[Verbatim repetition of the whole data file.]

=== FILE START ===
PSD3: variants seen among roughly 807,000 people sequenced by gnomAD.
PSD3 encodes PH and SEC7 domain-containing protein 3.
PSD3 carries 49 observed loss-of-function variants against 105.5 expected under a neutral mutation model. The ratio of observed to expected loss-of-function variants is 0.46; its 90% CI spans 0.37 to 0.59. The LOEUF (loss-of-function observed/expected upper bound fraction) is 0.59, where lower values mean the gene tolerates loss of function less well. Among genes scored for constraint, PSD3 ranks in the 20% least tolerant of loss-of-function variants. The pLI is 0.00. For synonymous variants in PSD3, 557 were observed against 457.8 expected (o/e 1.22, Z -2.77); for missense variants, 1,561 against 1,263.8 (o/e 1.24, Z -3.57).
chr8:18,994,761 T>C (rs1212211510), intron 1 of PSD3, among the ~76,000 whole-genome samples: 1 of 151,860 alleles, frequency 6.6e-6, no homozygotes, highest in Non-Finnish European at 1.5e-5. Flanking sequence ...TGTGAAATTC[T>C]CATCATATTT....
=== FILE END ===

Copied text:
PSD3: variants seen among roughly 807,000 people sequenced by gnomAD.
PSD3 encodes PH and SEC7 domain-containing protein 3.
PSD3 carries 49 observed loss-of-function variants against 105.5 expected under a neutral mutation model. The ratio of observed to expected loss-of-function variants is 0.46; its 90% CI spans 0.37 to 0.59. The LOEUF (loss-of-function observed/expected upper bound fraction) is 0.59, where lower values mean the gene tolerates loss of function less well. Among genes scored for constraint, PSD3 ranks in the 20% least tolerant of loss-of-function variants. The pLI is 0.00. For synonymous variants in PSD3, 557 were observed against 457.8 expected (o/e 1.22, Z -2.77); for missense variants, 1,561 against 1,263.8 (o/e 1.24, Z -3.57).
chr8:18,994,761 T>C (rs1212211510), intron 1 of PSD3, among the ~76,000 whole-genome samples: 1 of 151,860 alleles, frequency 6.6e-6, no homozygotes, highest in Non-Finnish European at 1.5e-5. Flanking sequence ...TGTGAAATTC[T>C]CATCATATTT....